The Big Over Easy: A Nursery Crime - Jasper Fforde

"Father liked word games. He was fourteen times world Scrabble champion. When he died, we buried him at Queenzieburn to make use of the triple word score."

Jasper Fforde is the British author responsible for the Thursday Next series (of which I've read the first two), light-hearted mystery novels with plenty of puns, literary references, and more wordplay than gunplay. (See? An example for you.) The Big Over Easy is his first book in a new "Nursery Crime" series, and it's a good one.

Jack Spratt, head of the Nursery Crimes Division, gets stuck with any cases that seem to involve characters from nursery rhymes and fairy tales. This case involves the fall of Humpty Dumpty: was it suicide, an accident, or murder? There's a slew of other characters, familiar and new, most notably the new sergeant on the team, Mary Mary. Fforde's writing is usually a quick read, though whenever I came across names (Spongg, Ffinkworth, Chymes ...) I always had to stop to puzzle out whether they were anagrams, puns, or just odd names.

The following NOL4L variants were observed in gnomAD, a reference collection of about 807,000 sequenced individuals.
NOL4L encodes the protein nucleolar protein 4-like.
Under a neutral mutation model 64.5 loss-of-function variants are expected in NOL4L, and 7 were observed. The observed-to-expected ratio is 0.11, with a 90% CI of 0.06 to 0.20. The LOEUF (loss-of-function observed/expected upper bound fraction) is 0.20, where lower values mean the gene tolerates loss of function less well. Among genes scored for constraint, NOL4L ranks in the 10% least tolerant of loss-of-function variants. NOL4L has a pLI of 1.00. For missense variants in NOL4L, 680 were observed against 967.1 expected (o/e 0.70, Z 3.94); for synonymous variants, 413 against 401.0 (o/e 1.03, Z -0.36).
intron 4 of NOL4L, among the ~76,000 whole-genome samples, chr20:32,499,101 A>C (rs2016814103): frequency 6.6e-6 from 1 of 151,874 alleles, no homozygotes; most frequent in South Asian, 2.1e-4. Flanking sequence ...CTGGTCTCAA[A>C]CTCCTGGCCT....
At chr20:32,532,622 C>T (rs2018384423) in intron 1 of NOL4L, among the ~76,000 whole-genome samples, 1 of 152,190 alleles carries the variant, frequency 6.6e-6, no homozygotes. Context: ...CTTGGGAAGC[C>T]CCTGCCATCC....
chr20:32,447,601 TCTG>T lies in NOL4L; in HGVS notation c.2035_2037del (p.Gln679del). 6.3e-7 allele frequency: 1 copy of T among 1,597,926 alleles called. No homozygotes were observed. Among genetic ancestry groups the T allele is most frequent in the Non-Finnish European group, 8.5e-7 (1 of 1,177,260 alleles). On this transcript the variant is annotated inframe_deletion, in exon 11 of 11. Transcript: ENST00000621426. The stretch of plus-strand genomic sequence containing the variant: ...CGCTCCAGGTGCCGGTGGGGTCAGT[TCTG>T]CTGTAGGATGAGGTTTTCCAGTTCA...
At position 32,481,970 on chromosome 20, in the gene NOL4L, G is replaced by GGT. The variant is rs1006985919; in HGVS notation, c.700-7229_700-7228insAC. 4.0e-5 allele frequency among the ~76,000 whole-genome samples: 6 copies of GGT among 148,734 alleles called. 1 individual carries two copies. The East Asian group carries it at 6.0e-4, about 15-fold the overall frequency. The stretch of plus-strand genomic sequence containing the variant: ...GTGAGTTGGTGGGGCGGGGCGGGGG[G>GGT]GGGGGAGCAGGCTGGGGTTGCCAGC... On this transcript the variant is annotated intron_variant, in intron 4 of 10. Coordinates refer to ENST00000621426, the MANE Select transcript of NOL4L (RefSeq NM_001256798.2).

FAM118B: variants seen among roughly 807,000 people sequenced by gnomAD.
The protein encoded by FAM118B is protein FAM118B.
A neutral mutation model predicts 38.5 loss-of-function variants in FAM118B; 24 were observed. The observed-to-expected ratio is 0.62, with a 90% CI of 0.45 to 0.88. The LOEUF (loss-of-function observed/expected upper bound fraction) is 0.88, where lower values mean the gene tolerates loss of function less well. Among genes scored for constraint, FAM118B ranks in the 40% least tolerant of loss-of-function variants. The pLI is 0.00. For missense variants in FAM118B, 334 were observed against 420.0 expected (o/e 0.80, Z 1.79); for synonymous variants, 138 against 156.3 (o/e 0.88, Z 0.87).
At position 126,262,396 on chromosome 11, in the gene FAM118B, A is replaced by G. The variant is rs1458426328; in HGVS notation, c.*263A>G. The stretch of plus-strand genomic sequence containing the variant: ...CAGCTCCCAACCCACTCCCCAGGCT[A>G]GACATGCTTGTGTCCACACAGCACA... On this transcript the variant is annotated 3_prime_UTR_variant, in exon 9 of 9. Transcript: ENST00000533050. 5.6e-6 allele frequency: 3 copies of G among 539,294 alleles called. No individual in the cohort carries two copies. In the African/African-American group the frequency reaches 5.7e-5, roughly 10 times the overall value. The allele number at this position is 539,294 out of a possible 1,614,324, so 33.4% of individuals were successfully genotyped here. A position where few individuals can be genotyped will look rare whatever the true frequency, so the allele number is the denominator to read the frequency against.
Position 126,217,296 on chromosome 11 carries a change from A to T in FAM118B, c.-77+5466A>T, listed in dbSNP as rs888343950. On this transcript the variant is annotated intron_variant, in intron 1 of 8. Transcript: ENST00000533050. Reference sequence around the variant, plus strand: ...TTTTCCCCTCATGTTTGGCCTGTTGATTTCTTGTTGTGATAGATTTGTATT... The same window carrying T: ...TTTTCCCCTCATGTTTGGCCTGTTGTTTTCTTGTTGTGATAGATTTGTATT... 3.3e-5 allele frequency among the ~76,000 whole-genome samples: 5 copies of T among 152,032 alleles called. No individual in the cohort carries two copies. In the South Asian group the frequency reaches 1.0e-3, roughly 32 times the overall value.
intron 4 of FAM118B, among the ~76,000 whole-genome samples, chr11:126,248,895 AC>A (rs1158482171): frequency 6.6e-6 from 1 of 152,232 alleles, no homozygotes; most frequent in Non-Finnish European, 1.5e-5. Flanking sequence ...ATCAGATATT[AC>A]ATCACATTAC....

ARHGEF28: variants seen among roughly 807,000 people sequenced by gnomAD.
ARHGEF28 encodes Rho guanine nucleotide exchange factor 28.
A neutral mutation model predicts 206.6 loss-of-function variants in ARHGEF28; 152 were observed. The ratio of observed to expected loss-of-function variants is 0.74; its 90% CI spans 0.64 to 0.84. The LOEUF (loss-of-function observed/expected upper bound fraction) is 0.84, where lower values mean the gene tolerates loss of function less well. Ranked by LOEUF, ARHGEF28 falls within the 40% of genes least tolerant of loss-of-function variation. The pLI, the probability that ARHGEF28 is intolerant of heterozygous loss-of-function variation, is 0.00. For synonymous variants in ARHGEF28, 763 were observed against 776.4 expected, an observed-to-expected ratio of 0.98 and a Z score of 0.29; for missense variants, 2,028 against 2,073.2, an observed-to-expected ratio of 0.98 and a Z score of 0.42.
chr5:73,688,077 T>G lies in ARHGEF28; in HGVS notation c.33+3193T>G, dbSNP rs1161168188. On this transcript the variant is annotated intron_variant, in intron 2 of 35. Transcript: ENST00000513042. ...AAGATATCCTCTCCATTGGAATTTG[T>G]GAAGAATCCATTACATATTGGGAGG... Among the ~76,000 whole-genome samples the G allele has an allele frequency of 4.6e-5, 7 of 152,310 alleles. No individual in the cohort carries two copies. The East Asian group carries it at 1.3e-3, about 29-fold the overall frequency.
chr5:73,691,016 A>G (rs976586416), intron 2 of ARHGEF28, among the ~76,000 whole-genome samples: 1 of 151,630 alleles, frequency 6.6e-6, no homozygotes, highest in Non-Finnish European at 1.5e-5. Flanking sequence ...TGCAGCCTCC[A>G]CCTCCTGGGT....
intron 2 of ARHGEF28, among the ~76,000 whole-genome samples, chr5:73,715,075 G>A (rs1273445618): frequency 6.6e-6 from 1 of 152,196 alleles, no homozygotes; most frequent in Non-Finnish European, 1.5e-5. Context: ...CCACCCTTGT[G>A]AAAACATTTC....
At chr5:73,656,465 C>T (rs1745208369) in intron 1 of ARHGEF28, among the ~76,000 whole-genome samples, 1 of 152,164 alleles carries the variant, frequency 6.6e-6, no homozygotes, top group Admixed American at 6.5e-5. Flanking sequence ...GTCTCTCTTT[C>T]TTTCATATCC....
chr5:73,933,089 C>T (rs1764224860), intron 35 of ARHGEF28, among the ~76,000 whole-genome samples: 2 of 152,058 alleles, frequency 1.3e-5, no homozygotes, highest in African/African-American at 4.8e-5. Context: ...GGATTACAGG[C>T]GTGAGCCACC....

Each chapter begins with an excerpt from a fictional book or newspaper, adding a bit of backstory and flavor to Jack Spratt's world. A few favorites included a demonstration by albinos protesting their portrayal as deranged hitmen, and a ban on "identical twin" plot devices in solving murders. I do wonder, based on the number of incidental characters thrown in either in the story or in these epigrams, whether Fforde is going to run out of nursery rhyme characters too quickly. (A short list of the characters already seen include a Miss Muffett, Rumpelstiltskin, the Three Billy Goats Gruff, the Three Bears, and the Three Little Pigs.)

Colorful characters aside, it's probably not your typical mystery novel either (though I admit I haven't read many). Some things you may be able to guess before Jack and Mary, but it's full of plot twists, red herrings, and other mystery-novel cliches that are, of course, entirely appropriate in this world. The subplot involving beloved Detective Friedland Chymes is a good one, too, in a world where it's important for your crime-solving to look good in print.

If you're not a fan of wordplay, you'll probably tire of Fforde's books quickly. But I happen to love wordplay, so I'm looking forward to the next book.

On a different note, I believe this is post #400 for the Hungry Brain. Hurrah!

Fed to jonathan's brain | July 19, 2006 | Comments (0)


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